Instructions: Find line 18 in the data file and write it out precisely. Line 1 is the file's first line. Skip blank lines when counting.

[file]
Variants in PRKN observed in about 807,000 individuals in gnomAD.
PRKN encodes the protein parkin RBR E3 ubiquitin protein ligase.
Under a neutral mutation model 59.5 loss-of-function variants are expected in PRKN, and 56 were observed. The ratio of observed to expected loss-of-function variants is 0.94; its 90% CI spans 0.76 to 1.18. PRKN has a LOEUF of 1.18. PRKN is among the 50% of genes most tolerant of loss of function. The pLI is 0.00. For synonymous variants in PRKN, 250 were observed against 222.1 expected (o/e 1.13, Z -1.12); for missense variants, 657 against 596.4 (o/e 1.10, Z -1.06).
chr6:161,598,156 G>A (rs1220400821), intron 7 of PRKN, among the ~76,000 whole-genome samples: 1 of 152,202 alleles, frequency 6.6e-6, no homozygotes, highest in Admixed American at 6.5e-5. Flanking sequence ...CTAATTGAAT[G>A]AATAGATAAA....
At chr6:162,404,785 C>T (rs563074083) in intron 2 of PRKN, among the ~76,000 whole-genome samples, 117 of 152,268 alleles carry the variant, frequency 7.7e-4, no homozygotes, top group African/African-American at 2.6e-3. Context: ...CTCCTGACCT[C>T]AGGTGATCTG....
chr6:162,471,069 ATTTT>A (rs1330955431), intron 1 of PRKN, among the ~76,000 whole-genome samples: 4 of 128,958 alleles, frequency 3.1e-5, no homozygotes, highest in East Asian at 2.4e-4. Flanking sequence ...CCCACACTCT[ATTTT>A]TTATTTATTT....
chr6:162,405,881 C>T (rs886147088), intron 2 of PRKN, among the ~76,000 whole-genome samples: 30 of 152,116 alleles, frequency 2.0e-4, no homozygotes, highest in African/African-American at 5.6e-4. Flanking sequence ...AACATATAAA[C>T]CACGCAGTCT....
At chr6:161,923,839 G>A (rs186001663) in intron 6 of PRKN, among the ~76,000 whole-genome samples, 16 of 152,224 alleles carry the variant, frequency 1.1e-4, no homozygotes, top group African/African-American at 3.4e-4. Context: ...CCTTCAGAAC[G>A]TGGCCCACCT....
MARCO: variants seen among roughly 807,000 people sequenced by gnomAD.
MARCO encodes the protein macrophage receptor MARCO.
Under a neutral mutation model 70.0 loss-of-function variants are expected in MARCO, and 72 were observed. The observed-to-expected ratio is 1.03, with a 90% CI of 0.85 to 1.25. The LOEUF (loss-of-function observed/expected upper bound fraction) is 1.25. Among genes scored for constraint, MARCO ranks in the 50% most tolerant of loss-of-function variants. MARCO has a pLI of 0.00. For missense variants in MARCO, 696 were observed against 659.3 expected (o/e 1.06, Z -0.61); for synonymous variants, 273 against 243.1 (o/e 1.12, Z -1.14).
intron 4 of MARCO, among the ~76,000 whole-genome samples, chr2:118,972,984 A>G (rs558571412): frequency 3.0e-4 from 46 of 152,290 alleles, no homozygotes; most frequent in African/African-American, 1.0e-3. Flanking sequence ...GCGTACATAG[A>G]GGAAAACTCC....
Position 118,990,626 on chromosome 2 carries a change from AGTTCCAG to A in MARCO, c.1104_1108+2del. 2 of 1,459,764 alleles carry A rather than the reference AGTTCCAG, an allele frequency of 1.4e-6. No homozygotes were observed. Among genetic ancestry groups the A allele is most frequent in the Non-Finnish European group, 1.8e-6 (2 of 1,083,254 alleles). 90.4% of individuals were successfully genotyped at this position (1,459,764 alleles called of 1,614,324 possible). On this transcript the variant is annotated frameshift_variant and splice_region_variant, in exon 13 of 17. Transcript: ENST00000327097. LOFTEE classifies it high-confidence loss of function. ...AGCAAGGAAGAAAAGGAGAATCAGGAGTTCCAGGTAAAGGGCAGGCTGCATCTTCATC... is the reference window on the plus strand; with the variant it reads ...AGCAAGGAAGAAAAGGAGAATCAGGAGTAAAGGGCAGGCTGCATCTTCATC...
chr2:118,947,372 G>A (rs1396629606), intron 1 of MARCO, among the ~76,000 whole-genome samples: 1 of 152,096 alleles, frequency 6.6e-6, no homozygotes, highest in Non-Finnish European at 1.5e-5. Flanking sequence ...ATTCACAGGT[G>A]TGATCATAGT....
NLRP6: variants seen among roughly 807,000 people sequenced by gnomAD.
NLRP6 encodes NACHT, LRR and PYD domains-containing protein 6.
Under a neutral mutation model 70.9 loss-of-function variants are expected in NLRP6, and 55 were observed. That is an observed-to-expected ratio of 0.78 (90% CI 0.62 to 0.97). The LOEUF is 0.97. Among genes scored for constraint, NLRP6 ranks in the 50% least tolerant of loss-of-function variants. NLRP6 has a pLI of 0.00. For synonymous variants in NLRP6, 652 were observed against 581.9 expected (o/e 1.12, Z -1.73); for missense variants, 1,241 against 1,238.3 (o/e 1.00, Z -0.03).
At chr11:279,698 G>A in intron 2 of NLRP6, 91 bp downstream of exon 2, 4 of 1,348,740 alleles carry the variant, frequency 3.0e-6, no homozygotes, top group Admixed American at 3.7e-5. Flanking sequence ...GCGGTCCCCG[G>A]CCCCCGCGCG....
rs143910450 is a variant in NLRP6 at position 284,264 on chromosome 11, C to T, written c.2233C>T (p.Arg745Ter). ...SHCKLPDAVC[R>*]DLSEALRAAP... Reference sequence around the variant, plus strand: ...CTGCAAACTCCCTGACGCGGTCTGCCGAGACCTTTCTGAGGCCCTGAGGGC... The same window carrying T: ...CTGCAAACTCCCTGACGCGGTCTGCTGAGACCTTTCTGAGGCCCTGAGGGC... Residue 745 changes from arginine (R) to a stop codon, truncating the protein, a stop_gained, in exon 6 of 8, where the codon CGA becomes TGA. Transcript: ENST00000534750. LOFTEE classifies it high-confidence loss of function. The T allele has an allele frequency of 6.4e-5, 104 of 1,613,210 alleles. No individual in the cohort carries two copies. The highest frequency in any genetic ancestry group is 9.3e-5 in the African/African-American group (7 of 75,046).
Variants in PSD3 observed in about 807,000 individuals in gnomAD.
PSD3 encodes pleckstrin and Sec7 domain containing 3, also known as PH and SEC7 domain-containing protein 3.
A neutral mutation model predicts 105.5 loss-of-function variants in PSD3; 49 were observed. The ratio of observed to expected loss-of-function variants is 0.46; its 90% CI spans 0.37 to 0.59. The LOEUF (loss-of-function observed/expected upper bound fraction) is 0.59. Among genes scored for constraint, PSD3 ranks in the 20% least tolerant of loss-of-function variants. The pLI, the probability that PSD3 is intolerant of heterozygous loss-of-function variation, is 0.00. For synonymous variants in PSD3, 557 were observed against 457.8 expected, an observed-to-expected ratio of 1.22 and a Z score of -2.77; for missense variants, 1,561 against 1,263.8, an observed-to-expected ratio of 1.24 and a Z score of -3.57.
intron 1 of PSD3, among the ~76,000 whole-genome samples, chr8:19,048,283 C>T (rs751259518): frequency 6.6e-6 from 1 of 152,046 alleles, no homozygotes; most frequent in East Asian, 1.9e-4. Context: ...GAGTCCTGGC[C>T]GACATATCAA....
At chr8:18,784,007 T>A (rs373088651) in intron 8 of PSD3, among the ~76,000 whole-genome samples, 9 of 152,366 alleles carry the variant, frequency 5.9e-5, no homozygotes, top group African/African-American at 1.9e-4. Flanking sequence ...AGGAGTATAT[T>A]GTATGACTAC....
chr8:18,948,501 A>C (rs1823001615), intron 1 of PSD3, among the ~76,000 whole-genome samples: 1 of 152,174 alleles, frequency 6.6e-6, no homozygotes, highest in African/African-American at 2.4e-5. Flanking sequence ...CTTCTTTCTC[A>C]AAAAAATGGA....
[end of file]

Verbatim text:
At chr11:279,698 G>A in intron 2 of NLRP6, 91 bp downstream of exon 2, 4 of 1,348,740 alleles carry the variant, frequency 3.0e-6, no homozygotes, top group Admixed American at 3.7e-5. Flanking sequence ...GCGGTCCCCG[G>A]CCCCCGCGCG....